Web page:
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OUR CARIBBEAN: This new Caricom move on region’s economic future

Rickey Singh

OUR CARIBBEAN: This new Caricom move on region’s economic future

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The bureau of the Caribbean Community, which functions as a “management committee” between regular and special conferences of Heads of Government, has taken some new and significant decisions for further consideration and initiatives by the leaders of the 15-member regional economic integration movement.
One of the important and surprising proposals to emerge from the Bureau’s meeting in Port-of-Spain on Tuesday, chaired by host Prime Minister Kamla Persad-Bissessar, called for the creation of a CARICOM Economy Commission (CEC). It’s consistent with deliberations and recommendations made at last July’s annual summit in Trinidad and Tobago.
At that meeting, Heads of Government, in addressing critical issues facing the “future of CARICOM economies”, specifically noted unflattering observations by foreign financial and economic commentators which they regard as “tarnishing the credibility” of member states of the Community to “raise financial resources required to drive growth and development …”.
While it is appreciated that as the primary organ of CARICOM, a Heads of Government Conference has the authority to make recommendations and initiate relevant actions in the interest of the region’s integration movement – now in its 40th year of existence – it is, nevertheless, to be wondered whether the decision arising from Tuesday’s meeting of the Bureau considered also that later this year, or soon thereafter, there should be ready for consideration the anxiously awaited report from a high-level Caribbean Growth Forum (CGF).
Launched in June 2012 as a unique “partnership” of regional and international institutions and agencies, the CGF is comprised of representatives of the World Bank, Inter-American Development Bank, Caribbean Development Bank, University of the West Indies and traditional partner agencies like Britain’s Department for International Development and Canada’s International Development Agency.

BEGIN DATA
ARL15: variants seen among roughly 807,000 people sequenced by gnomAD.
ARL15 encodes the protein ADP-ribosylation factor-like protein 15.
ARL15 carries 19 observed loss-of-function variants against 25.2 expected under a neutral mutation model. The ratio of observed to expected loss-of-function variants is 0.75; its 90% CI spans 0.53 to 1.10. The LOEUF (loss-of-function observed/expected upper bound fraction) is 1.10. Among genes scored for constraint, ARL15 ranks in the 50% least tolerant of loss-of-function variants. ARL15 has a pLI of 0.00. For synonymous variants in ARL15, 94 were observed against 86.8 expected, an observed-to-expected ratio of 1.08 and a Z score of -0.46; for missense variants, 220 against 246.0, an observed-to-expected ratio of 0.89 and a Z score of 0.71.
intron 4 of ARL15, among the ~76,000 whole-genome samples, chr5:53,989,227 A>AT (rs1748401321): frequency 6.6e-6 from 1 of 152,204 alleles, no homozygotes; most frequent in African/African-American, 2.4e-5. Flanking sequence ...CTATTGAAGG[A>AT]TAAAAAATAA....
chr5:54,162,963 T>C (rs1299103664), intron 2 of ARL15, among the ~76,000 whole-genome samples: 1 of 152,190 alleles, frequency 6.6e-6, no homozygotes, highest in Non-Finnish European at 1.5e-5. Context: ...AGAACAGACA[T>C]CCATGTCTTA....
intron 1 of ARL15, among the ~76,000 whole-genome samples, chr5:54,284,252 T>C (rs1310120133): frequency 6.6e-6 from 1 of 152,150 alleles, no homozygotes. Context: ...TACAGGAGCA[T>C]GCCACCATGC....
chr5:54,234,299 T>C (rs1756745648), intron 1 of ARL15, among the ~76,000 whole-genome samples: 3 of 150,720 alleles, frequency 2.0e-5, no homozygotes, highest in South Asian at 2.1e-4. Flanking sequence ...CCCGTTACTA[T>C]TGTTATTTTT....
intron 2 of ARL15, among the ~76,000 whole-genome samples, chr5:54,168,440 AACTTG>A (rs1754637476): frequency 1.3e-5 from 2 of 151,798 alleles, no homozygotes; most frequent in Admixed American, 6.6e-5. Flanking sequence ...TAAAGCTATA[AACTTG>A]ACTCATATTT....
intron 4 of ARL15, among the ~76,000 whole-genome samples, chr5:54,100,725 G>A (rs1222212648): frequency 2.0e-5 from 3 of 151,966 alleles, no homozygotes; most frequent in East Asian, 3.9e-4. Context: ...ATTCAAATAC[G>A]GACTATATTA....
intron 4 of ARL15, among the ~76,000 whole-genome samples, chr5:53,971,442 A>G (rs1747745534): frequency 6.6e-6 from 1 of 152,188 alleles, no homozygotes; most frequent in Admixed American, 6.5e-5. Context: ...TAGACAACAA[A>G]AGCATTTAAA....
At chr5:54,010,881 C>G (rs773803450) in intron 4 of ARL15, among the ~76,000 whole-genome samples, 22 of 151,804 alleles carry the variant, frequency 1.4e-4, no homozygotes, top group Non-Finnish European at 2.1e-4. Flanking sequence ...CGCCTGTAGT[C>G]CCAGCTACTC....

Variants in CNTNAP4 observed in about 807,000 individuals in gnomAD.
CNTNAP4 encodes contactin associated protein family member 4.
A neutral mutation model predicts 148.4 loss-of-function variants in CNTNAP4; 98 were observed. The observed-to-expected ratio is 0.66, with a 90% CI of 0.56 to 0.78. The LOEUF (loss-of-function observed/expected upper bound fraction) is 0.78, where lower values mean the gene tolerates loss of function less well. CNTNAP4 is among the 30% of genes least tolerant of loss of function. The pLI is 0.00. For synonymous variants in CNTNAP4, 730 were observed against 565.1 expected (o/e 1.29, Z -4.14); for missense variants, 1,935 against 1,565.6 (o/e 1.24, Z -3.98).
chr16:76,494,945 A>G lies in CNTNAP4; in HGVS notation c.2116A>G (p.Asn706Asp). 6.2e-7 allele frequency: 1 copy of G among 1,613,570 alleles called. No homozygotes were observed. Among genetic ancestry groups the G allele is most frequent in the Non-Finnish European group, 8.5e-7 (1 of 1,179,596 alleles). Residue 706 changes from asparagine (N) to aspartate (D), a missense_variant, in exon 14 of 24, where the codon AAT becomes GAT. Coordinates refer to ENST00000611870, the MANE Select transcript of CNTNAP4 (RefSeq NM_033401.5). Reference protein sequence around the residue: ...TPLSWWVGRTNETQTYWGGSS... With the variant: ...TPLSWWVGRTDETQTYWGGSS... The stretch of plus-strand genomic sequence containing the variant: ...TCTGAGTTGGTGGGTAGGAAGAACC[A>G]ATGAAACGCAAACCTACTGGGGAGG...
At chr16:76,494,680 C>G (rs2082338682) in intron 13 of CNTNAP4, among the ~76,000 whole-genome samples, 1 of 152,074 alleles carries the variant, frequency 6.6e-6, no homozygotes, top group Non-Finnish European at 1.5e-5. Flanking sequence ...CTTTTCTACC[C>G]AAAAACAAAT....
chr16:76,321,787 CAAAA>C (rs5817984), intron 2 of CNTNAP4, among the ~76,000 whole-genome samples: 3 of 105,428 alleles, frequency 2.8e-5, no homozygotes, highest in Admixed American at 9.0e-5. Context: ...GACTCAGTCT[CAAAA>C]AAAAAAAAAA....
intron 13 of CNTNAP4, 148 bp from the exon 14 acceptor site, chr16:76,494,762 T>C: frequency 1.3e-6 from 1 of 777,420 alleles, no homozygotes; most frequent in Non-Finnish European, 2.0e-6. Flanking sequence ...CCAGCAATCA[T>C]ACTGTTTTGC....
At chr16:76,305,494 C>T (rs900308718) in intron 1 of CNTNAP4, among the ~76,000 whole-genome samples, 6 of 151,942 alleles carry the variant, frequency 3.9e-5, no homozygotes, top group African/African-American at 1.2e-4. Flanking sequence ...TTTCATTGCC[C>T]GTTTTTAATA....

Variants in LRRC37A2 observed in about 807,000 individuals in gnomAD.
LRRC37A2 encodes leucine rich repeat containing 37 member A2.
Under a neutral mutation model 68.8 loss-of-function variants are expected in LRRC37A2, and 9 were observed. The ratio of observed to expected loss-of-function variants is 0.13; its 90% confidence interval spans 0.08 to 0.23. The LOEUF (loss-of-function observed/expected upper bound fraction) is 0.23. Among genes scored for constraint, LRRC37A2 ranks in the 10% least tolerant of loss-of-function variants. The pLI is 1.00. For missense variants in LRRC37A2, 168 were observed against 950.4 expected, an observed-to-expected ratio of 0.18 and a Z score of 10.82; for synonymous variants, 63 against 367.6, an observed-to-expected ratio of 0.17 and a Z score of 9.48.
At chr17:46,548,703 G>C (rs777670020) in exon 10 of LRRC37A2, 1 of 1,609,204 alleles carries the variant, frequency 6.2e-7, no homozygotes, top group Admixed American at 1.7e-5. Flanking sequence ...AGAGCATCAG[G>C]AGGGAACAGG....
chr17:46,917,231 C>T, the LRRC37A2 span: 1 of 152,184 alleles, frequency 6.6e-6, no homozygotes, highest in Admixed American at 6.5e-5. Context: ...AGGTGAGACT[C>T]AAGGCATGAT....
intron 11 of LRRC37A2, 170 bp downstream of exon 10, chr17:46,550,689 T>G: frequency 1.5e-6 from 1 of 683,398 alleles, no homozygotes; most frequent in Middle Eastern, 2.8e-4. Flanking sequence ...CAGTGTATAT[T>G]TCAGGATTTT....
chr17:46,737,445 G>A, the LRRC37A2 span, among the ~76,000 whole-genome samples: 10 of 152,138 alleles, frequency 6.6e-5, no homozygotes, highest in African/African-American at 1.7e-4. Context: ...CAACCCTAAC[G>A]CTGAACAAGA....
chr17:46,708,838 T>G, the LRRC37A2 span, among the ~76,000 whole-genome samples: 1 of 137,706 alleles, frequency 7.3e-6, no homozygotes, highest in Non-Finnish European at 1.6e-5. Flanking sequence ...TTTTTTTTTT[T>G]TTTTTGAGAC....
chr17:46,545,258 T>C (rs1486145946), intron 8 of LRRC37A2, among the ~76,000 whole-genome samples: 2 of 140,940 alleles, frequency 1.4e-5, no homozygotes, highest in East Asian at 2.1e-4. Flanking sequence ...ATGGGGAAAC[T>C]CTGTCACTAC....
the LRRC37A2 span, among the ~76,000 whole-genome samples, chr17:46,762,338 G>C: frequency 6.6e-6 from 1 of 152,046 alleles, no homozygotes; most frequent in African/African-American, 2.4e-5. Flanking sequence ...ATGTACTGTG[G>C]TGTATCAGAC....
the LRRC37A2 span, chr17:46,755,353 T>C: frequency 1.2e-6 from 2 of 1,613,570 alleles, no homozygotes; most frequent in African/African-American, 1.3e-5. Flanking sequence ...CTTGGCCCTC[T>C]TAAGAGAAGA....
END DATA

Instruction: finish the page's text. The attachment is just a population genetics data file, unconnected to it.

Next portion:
Central to the CGF’s mandate, as previously reported by this columnist, is the fostering of ideas and initiatives to generate economic growth and promote employment with a special emphasis on jobless youth. These are factors that have been influencing deepening concerns among governments of our Community.
For his part, the CDB’s President, Dr Warren Smith, was to go public with some serious warnings to governments on the pursuit of injurious fiscal management policies, even as he and his team of advisors continued working along with their counterparts of the CGF.
Coming out of Tuesday’s meeting of the CARICOM Bureau at which participants included, in addition to Prime Minister Persad-Bissessar, the Prime Ministers of Barbados (Freundel Stuart) and St Vincent and the Grenadines (Ralph Gonsalves) with Haiti’s President doing so via teleconferencing arrangement, it was disclosed that the proposed commission on the economy should address “priority areas for  fiscal sustainability, resource mobilization, as well as critical economic structure services particularly energy and information and communication technology (ICT) . . . .”
Well, I guess we must await positive developments, between now and February next year – when the CARICOM Heads of Government are scheduled to hold their regular inter-sessional meeting in St Vincent and the Grenadines – to better assess productive arrangements for the proposed commission on the region’s economy; By then, the CGF’s report should be almost in readiness, if not completed for official distribution to governments and participating institutions.
• Rickey Singh is a noted Caribbean journalist.